• Deborah Conway and The Mothers of Pearl (1991), Rose Amongst Thorns (1991): – Holmgren, Magnus. "Deborah Conway". passagen.se. Australian Rock Database (Magnus Holmgren). Archived from the original on 23 August 2003. Retrieved 19 September 2014. 
    • The Saints (1991): – Holmgren, Magnus. "The Saints". passagen.se. Australian Rock Database (Magnus Holmgren). Archived from the original on 15 October 2003. Retrieved 19 September 2014. 
    • Crowded House (1994–96): – Holmgren, Magnus. "Crowded House". passagen.se. Australian Rock Database (Magnus Holmgren). Archived from the original on 12 October 2003. Retrieved 19 September 2014. 
    • deadstar (1995–2001): – Holmgren, Magnus. "deadstar". passagen.se. Australian Rock Database (Magnus Holmgren). Archived from the original on 15 October 2003. Retrieved 19 September 2014. 
  5. ^ Foster, Michael (14 November 1983). "Canberra Living: Mostly Jazz". The Canberra Times (ACT : 1926 - 1995) (National Library of Australia). p. 14. Retrieved 19 September 2014. 
  6. ^ a b c d e f g h McFarlane, 'Harem Scarem' entry. Archived from the original on 15 June 2004. Retrieved 19 September 2014.
  7. ^ Block, Trevor. "Harem Scarem – Pilgrim's Progress". Mess+Noise (Sound Alliance). Retrieved 19 September 2014.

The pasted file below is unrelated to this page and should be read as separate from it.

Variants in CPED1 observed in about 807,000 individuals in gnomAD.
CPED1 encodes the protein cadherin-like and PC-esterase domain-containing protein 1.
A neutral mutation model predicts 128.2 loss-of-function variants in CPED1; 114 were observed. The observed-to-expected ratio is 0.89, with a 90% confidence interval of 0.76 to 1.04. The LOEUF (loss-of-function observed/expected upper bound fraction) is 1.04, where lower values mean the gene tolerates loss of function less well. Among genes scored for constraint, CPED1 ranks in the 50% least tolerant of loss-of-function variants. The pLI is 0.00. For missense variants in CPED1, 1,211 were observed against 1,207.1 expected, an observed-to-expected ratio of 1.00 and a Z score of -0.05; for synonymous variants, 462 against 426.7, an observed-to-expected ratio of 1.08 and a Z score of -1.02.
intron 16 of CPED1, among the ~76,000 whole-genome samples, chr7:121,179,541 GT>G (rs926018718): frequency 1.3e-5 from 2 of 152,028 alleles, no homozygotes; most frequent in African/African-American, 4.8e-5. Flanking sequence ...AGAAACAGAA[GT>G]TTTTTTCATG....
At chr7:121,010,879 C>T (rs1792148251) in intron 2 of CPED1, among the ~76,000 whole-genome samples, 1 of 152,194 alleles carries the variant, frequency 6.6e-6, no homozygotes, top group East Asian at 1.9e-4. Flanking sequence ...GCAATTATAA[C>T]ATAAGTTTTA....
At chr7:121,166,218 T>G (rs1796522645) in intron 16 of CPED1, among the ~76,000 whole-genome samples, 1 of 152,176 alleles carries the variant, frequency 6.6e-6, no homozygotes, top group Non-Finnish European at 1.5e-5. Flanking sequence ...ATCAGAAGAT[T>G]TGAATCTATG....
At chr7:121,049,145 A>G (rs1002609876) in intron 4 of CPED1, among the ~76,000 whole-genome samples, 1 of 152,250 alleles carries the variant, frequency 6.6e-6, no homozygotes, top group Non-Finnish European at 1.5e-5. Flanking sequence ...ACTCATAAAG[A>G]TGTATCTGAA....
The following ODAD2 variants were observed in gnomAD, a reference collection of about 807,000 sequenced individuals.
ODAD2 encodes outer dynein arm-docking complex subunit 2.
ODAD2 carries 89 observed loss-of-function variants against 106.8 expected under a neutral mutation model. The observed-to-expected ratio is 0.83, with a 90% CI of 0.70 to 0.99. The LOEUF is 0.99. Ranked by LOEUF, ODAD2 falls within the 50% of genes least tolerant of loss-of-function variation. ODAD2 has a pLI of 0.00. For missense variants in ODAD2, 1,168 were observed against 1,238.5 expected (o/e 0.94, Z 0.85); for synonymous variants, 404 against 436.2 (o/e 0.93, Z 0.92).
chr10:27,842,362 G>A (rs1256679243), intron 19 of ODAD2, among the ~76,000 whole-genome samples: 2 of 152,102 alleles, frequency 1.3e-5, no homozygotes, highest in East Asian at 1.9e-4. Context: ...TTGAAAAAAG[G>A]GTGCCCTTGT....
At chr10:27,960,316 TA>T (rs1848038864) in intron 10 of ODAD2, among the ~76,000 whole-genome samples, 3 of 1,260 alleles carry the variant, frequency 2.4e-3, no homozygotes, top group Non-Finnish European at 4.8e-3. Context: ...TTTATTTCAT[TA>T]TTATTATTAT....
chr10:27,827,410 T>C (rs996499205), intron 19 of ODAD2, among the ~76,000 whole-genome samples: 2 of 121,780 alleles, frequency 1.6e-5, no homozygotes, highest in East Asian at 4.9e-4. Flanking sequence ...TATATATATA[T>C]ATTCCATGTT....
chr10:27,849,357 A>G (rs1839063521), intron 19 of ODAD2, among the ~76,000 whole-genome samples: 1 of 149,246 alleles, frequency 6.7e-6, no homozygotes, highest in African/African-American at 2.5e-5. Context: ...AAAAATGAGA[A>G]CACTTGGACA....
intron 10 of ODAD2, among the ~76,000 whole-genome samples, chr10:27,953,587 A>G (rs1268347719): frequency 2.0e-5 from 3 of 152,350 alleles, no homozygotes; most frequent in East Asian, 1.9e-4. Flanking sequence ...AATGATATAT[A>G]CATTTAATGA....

8. ^ "'Hard Rain' at APRA search engine". Australasian Performing Right Association (APRA). Retrieved 27 July 2014.  Note: User may have to click 'Search again' and provide details at 'Enter a title:' e.g Hard Rain; and/or at 'Performer:' Harem Scarem
  9. ^ Lucy's Crown website
  10. ^ Tinpan Orange website
  11. ^ David Hosking
  12. ^ a b c McFarlane, 'Crowded House' entry. Archived from the original on 6 April 2004. Retrieved 19 September 2014.
  13. ^ Nimmervoll, Ed. "Crowded House". HowlSpace – The Living History of Our Music (Ed Nimmervoll). Archived from the original on 27 July 2012. Retrieved 19 September 2014. 
  14. ^ Coleman, Miriam (20 May 2012). "Peter Jones, Drummer for Crowded House, Dead at 45". Rolling Stone. Retrieved 19 September 2014. 
  15. ^ a b c McFarlane, 'deadstar' entry. Archived from the original on 13 August 2004. Retrieved 19 September 2014.

External links[edit]